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FTC Consumer Alert

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Take Charge of Your Credit

The holiday shopping season is in full swing. Whether you're shopping online, by phone or at the mall, chances are you'll use a credit card for some of your purchases. The Federal Trade Commission offers these tips to keep in mind when you shop.

1. Keep track of your spending.

  • Incidental and impulse purchases add up. Remember credit cards are just like loans -you have to pay what you owe. Owing more than you can repay can damage your credit rating. That can make it hard to finance a car, rent an apartment, get insurance - even get a job.
  • Pay your bill on time, and in full, if possible. If you don't, you'll have to pay finance charges on the unpaid balance - and it takes forever to get caught up if you just pay the minimum.

2. Keep an eye on your card and account number.

  • Never lend your credit card to anyone because you're responsible for paying the bill. Any problems with the bill can damage your credit rating.
  • Don't sign a blank charge slip. Draw a line through blank spaces on charge slips above the total so the amount cannot be changed.
  • Never put your account number on the outside of an envelope or a postcard.
  • Be cautious about disclosing your account number over the phone unless you know you are dealing with a reputable company.
  • Carry only the cards you anticipate using to help prevent loss or theft.
  • If your credit and ATM cards are lost or stolen, report it to the card issuers as quickly as possible. Many companies have toll-free numbers and 24-hour service to deal with such emergencies. Follow up with a letter, including your account number, when you noticed the card was missing, and the date you first reported the loss.

3. Keep good records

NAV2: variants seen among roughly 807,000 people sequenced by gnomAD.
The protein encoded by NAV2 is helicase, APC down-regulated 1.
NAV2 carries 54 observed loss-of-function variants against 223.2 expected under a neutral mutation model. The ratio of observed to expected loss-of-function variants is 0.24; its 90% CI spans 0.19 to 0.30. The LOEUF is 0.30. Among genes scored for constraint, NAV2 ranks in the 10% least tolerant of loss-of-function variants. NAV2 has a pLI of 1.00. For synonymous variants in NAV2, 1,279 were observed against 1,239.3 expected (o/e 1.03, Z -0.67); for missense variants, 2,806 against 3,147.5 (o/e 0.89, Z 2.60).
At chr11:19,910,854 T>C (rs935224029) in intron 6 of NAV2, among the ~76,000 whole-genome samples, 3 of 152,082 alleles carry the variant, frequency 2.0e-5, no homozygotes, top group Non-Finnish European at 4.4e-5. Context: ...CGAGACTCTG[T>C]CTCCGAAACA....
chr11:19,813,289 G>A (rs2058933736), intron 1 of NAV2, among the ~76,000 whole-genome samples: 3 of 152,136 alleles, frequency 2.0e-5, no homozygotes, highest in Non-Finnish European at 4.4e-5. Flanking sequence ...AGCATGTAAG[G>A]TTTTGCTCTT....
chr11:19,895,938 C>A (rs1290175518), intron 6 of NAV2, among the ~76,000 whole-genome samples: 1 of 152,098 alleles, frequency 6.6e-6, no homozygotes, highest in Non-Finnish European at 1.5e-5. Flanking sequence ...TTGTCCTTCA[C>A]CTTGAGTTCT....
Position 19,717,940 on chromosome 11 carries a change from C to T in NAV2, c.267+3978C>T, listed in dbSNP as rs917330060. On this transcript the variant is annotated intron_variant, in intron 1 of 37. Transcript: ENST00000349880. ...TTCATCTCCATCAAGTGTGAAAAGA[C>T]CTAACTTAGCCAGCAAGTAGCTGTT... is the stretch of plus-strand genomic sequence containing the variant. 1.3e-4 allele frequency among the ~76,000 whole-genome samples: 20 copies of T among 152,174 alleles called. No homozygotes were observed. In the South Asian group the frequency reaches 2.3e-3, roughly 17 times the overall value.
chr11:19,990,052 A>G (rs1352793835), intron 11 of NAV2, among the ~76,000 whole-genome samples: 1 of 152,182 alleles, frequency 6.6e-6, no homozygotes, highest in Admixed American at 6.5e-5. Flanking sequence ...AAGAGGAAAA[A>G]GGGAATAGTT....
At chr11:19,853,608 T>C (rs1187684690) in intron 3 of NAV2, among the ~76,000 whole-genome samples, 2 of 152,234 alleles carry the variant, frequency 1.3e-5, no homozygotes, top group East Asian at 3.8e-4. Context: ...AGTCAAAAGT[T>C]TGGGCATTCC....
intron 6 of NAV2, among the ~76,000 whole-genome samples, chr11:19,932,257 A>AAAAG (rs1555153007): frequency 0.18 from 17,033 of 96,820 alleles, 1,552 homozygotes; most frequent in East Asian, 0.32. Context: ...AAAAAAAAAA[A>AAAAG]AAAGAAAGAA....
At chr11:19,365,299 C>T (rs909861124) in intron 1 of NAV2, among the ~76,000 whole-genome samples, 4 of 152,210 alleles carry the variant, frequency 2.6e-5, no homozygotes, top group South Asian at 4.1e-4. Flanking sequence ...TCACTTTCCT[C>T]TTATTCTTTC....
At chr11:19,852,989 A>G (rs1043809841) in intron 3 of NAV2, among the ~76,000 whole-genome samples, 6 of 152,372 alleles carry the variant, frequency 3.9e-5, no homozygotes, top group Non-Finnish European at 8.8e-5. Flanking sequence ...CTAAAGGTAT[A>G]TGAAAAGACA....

• Save your receipts. Compare them with your monthly bill. Promptly report problems to the company that issued the card. Usually, your statement will provide instructions for disputing a charge.
  • If you order by mail, phone or online, keep copies or printouts with details about the transaction, including any warranties, or return and refund policies if you're not satisfied. You should have the company's name, address, phone number, the date of your order; a copy of the order form you sent to the company or a list of the items ordered and their stock codes, the order confirmation codes and the ad or catalog from which you ordered.

The FTC works for the consumer to prevent fraudulent, deceptive and unfair business practices in the marketplace and to provide information to help consumers spot, stop, and avoid them. To file a complaint or to get free information on consumer issues, visit www.ftc.gov or call toll-free, 1-877-FTC-HELP (1-877-382-4357); TTY: 1-866-653-4261. The FTC enters Internet, telemarketing, identity theft, and other fraud-related complaints into Consumer Sentinel, a secure, online database available to hundreds of civil and criminal law enforcement agencies in the U.S. and abroad.

December 2001
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